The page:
Subject of drug raid claims bust bogus

Posted May 25, 2010, at 9 p.m.
At his home in Pittsfield, Jim Fowler holds a small amount of marijuana which he says helps alleviate symptoms of his degenerative disc disease.  In March of this year, Fowler was busted by the DEA for growing marijuana plants, most of which were confiscated. Fowler said he was unjustly busted, because he has permission to grow his own medical marijuana and is growing marijuana for several others. (Bangor Daily News/John Clarke Russ)
BDN
At his home in Pittsfield, Jim Fowler holds a small amount of marijuana which he says helps alleviate symptoms of his degenerative disc disease. In March of this year, Fowler was busted by the DEA for growing marijuana plants, most of which were confiscated. Fowler said he was unjustly busted, because he has permission to grow his own medical marijuana and is growing marijuana for several others. (Bangor Daily News/John Clarke Russ)
At Jim Fowler's home in Pittsfield, a small bag of marijuana rests on top of a medical marijuana provider form. For several years , Fowler has homegrown marijuana for himself to alleviate symptoms of his degenerative disc disease.  In March of this year, he was busted by the DEA for growing marijuana plants, most of which were confiscated. Fowler said he was unjustly busted, because he has permission to grow his own medical marijuana and is growing marijuana for several others. (Bangor Daily News/John Clarke Russ)
BDN
At Jim Fowler's home in Pittsfield, a small bag of marijuana rests on top of a medical marijuana provider form. For several years , Fowler has homegrown marijuana for himself to alleviate symptoms of his degenerative disc disease. In March of this year, he was busted by the DEA for growing marijuana plants, most of which were confiscated. Fowler said he was unjustly busted, because he has permission to grow his own medical marijuana and is growing marijuana for several others. (Bangor Daily News/John Clarke Russ)
In a growing room in his home in Pittsfield, Jim Fowler looks over some of his medical marijuana crop that he is growing for himself and several area patients. In March of this year, Fowler was busted by the DEA for growing marijuana plants, most of which were confiscated. Fowler who grows marijuana to alleviate symptoms of his degenerative disc disease, said he was unjustly busted, because he has permission to grown his own medical marijuana and is growing for several others. (Bangor Daily News/John Clarke Russ)
BDN
In a growing room in his home in Pittsfield, Jim Fowler looks over some of his medical marijuana crop that he is growing for himself and several area patients. In March of this year, Fowler was busted by the DEA for growing marijuana plants, most of which were confiscated. Fowler who grows marijuana to alleviate symptoms of his degenerative disc disease, said he was unjustly busted, because he has permission to grown his own medical marijuana and is growing for several others. (Bangor Daily News/John Clarke Russ)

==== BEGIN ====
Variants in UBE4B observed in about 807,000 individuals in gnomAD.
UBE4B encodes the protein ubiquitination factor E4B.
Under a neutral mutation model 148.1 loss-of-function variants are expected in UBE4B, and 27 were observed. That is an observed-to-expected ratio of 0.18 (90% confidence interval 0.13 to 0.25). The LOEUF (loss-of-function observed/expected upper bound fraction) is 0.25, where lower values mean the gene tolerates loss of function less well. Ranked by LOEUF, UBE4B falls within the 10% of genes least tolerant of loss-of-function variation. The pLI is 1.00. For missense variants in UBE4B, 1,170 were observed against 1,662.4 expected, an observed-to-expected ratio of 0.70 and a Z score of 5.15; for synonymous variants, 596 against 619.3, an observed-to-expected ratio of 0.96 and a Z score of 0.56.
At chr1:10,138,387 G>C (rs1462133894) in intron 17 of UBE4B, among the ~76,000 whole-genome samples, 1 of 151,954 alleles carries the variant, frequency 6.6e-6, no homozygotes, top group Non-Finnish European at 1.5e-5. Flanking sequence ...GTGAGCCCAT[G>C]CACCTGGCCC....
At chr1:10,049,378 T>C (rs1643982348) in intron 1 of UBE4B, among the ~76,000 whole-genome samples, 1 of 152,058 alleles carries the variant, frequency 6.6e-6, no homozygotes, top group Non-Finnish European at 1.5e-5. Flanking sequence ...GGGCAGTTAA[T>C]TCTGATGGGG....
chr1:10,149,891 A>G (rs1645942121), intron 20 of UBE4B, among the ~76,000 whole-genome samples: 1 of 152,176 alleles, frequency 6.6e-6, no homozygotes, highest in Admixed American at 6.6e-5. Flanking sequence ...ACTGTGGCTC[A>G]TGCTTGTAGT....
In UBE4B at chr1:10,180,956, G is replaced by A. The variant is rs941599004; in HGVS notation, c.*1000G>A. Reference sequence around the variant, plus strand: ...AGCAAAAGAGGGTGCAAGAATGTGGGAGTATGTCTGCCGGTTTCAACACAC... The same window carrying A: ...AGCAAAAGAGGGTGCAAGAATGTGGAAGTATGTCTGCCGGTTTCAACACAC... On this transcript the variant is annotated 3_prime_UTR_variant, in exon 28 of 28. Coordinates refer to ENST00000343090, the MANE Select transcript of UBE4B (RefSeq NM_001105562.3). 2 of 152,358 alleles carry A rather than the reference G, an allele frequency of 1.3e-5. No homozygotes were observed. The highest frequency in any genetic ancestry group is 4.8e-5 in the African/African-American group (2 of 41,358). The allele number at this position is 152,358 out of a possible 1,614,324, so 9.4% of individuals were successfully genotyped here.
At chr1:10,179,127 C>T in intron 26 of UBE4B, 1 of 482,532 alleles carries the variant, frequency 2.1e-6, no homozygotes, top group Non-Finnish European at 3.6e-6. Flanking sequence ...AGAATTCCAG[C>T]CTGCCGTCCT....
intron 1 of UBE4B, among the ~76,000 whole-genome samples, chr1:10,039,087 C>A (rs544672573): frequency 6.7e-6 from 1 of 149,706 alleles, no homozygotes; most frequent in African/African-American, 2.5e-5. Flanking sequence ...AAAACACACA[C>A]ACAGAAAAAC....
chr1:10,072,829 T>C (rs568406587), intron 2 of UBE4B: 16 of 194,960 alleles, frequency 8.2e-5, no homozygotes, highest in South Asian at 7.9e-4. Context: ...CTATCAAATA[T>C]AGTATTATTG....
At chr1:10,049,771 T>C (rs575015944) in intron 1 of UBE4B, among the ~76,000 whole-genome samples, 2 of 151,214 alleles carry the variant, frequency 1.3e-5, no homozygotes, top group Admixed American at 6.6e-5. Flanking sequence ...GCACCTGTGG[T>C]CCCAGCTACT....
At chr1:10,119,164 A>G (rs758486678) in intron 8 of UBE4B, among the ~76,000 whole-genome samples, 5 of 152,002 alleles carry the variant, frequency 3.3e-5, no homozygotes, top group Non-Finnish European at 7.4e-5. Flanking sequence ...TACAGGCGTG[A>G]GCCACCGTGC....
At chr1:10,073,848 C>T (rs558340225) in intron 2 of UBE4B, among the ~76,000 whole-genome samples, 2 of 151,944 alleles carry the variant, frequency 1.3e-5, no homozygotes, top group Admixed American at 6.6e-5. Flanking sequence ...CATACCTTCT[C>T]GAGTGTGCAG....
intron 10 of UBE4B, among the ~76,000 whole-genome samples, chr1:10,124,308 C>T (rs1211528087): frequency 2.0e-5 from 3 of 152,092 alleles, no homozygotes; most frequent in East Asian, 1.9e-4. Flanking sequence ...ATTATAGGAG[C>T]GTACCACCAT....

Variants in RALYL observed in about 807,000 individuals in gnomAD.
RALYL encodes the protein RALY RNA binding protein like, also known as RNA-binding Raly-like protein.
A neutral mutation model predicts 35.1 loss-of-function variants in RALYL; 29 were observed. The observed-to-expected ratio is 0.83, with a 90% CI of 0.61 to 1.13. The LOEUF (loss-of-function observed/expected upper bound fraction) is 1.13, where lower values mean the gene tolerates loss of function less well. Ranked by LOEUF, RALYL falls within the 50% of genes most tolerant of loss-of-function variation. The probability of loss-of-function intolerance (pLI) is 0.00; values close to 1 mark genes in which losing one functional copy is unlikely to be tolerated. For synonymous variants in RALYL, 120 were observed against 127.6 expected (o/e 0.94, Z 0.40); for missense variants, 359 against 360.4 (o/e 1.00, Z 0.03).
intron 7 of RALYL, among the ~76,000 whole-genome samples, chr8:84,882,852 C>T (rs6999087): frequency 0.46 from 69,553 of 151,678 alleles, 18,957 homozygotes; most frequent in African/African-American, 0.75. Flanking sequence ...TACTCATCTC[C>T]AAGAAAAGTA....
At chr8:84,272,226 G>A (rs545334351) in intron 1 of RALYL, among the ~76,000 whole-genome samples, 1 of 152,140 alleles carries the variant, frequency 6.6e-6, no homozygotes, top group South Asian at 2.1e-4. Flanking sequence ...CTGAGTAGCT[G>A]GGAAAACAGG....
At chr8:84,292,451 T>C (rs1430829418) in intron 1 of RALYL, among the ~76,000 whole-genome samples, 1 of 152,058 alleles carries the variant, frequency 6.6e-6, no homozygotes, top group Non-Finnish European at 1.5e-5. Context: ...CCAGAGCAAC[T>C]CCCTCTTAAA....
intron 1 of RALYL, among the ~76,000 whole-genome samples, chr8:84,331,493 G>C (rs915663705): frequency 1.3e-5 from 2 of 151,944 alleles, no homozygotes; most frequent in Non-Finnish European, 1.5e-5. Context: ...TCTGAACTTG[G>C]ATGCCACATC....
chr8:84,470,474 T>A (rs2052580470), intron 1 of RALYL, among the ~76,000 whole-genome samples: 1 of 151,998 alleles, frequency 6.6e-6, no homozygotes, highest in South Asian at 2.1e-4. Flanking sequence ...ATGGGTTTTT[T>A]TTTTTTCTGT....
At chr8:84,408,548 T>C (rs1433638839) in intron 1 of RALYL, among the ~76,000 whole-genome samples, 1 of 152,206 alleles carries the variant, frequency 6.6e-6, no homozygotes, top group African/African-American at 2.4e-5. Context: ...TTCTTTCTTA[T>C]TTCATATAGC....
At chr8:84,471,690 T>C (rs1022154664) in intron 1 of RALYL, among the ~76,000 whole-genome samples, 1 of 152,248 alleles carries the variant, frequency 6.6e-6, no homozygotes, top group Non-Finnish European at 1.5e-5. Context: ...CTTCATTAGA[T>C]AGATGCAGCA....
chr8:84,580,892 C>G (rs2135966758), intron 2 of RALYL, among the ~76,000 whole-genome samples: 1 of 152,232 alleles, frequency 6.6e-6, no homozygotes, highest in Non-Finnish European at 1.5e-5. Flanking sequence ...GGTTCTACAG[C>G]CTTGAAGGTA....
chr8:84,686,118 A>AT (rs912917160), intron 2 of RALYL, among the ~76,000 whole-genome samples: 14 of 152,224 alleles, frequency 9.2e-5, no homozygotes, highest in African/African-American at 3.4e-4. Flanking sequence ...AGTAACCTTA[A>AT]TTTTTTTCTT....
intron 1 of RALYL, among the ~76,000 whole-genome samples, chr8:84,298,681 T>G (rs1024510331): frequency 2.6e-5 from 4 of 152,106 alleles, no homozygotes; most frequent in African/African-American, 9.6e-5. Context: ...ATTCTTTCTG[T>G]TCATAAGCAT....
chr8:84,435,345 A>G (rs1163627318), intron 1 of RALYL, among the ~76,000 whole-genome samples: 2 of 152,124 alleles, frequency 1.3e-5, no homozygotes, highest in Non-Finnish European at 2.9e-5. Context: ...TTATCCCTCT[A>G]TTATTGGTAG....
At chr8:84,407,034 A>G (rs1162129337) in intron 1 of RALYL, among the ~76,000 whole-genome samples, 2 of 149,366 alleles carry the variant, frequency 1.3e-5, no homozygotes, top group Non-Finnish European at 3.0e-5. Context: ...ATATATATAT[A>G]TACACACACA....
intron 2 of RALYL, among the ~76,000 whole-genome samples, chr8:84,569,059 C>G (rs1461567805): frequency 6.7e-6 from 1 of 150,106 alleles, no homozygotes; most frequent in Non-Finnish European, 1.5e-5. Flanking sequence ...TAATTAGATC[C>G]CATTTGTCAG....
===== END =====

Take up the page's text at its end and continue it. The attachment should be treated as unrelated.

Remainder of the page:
Editor’s note: The online version of this story has been edited to remove an incorrectly paraphrased statement from Somerset County District Attorney Evert Fowle.

PITTSFIELD, Maine — A man whose home was raided by drug agents said the state owes him thousands of dollars for 19 seized marijuana plants that he says he was growing in compliance with Maine’s medical marijuana law.

James P. Fowler, 44, of Pittsfield, who was charged with cultivating marijuana and possession of marijuana after the March 19 raid, said that based on figures used by drug investigators to value marijuana plants, he is owed up to $38,000.

“If they can use $2,000 a plant against me, what’s good for the goose is good for the gander,” said Fowler, who lives alone at 139 A St. in Pittsfield. “I want some sort of compensation.”

Fowler maintains a sophisticated marijuana growing operation in his home to supply himself and three other patients who have deemed him a “designated caregiver” under the state’s medical marijuana law. That means Fowler can possess up to 2.5 ounces of processed marijuana and six plants for each patient — for a total of 24 plants and 10 ounces of pot.

Investigators found 25 plants in the March 19 raid, but Fowler said some of the plants were male juveniles, which he said are not considered marijuana plants under the law.

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Somerset County District Attorney Evert Fowle said the charges against Fowler would be dropped if Fowler can prove that his marijuana plants were legal. But Fowle dismissed Fowler’s contention that he deserves compensation.